The idea of one man being two heroes was something I’d come up with a while ago, but it was just a basic idea. When Jacob and I decided we were wanted to work on something new together, I pitched the concept and we developed the details together. Seeing his character designs really helped bring the rest of the world to life in my mind, made me start thinking about the thought process of a guy that was SO dedicated to helping others, that he’d be willing to spend all of his time pretending to be two totally different heroes, along with his “real” self.

Jacob’s ability to draw ANYTHING is what’s made this story feel so special to me. It’s at once a daytime superhero serial, a moody noir-tinged drama, and a behind-the-scenes look into moviemaking, and Jacob handles those shifts with elegance and awesomeness. When you combine that with the subtle tone and texture work of Kike, and the genius design and lettering acumen of Rus…it’s a really inspiring creative team to be a part of.

Alter Ego is a self contained graphic novel. What made Kickstarter the ideal platform to bring it to life?

The Kickstarter community has been so supportive of the previous projects my collaborators and I launched on the platform, so it was an easy choice to do it again. My background in comics comes from working with big publishers, who have entire infrastructures built around every aspect of making/marketing/distributing comics. But going through the crowd-funding and self-publishing process a few times now has been invigorating for me, personally. I love the idea of creating something specifically for the people that believe in what we’re making, so much so that they’ll invest in us before the story’s even been told!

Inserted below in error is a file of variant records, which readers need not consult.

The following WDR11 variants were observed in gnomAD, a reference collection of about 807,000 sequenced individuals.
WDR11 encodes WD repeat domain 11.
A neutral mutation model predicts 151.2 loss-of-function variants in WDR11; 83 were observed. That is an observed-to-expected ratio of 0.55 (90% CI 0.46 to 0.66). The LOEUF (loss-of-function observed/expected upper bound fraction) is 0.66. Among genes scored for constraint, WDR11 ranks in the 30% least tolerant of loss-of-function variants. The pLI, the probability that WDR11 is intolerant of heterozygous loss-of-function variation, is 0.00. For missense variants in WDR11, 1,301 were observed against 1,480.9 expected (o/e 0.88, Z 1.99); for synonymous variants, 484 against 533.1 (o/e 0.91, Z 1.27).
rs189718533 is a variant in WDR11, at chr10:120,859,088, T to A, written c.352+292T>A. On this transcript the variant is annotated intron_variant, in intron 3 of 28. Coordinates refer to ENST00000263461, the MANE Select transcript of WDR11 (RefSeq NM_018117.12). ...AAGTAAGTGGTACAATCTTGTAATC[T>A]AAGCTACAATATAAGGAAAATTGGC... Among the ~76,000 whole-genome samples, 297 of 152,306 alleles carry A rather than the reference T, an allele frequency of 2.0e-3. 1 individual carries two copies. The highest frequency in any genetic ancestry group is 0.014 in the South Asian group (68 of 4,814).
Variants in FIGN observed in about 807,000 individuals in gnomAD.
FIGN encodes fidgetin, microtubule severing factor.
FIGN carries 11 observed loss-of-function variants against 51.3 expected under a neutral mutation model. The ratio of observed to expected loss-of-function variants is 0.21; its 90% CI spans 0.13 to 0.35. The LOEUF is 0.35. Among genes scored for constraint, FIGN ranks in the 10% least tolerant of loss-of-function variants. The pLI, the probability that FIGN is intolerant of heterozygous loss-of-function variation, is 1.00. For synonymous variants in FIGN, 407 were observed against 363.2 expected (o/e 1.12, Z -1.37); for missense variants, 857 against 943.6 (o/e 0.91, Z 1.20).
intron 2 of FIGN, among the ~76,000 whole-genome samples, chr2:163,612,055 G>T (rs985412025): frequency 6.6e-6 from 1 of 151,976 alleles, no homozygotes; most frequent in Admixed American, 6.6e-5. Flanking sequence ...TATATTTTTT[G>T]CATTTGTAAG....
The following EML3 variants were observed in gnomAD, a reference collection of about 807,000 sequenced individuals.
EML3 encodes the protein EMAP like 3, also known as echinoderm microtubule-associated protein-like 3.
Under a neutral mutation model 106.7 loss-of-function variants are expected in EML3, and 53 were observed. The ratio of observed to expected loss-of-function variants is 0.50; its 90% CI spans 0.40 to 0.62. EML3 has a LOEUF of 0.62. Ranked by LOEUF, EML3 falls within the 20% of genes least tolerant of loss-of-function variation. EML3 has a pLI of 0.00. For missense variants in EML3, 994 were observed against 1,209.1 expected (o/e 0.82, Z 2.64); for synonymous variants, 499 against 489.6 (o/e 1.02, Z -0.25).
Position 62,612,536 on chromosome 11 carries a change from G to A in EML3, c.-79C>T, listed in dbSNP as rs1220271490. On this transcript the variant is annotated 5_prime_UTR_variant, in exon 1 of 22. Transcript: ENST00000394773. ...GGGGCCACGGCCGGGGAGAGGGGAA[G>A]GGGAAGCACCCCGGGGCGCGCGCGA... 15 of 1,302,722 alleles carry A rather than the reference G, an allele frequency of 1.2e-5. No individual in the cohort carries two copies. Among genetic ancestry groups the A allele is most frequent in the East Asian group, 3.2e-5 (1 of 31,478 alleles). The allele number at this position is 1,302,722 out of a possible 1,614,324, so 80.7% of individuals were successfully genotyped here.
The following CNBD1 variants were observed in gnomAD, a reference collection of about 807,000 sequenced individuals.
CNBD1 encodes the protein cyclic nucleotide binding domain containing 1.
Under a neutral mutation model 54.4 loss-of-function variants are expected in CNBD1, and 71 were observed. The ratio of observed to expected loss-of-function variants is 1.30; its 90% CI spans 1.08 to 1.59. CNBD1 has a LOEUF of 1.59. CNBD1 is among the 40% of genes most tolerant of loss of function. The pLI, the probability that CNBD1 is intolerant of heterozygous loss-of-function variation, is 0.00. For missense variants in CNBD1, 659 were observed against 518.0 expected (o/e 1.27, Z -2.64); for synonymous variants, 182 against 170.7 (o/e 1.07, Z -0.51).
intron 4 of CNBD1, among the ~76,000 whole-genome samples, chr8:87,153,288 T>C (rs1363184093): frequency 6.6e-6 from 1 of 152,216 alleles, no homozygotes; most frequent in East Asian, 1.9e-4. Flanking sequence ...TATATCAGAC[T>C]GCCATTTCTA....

Who or what have been the biggest influences on your work?  

Oh man…Darwyn Cooke, Don Rosa, Andre 3000 & Big Boi, Joan Allison & Murray Burnett, Kurt Busiek, Mike Wieringo, Aaron Sorkin, Dwayne McDuffie, David Lean, Gene Kelly, Stanley Donan, Dr. Dre, Jeff Smith, Ron Marz, Bun B, Michael Curtiz, Ed Brubaker, Greg Rucka, Amy Sherman-Palladino, Greta Gerwig, Dave Stevens, Curtis Hanson, Jeff Parker, Robert Bolt & Michael Wilson, Brad Bird, Chuck Dixon, Jerry Siegel, Joe Shuster, Bill Finger, Bob Kane, David Mazzucchelli, Orson Welles, Humberto Ramos, Roger Langridge, Chris Eliopoulos, Joe Johnston, Scott McDaniel, and I’ll stop now because there a few hundred more.

If this is successful enough to warrant a sequel, would you be interested in exploring this universe further?

Maybe! I’m not sure, to be honest…I’m still in the midst of writing this volume, where there’s a specific roadmap and a complete story in mind. I really love the world that Jacob and I have created, but this isn’t built to be an ongoing. After we’re done with these 100 pages, and if there’s an audience for it, I’d be up for cracking open my notebook, staring at a blank page, and seeing what comes to mind.

What are you currently geeking out over?

I’ve been listening to a lot of JID recently, really liking his stuff. I’m midway through Taboo, a truly weird FX show from a few years ago, starring Tom Hardy wearing a big hat. Been loving Mark Harris’ biography of Mike Nichols, which has made me appreciate Nichols’ work far more than I had previously. And I was thrillingly surprised at how much I loved Paul Thomas Anderson’s Licorice Pizza. A movie hasn’t delighted me that much since Greta Gerwig’s Little Women.

Check out this ALTER EGO strip, exclusive to FOG! (Courtesy of Nate Cosby and Jacob Edgar)

For more details and to support Alter Ego, click HERE!